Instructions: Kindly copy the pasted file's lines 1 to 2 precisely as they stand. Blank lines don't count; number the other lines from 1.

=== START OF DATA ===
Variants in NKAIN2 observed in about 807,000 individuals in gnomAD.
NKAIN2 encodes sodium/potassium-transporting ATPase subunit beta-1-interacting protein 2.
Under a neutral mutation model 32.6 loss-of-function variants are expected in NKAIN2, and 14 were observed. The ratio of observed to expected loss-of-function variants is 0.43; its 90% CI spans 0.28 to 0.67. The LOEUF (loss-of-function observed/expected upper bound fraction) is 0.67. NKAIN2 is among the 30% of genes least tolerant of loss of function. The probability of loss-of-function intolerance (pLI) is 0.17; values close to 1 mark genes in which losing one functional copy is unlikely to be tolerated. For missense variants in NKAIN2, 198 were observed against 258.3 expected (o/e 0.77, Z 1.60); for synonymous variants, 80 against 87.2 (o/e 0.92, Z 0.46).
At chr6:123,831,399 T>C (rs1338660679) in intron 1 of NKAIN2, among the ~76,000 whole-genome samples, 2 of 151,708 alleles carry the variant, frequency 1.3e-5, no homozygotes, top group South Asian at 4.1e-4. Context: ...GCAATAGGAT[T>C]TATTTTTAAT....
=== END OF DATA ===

Variants in NKAIN2 observed in about 807,000 individuals in gnomAD.
NKAIN2 encodes sodium/potassium-transporting ATPase subunit beta-1-interacting protein 2.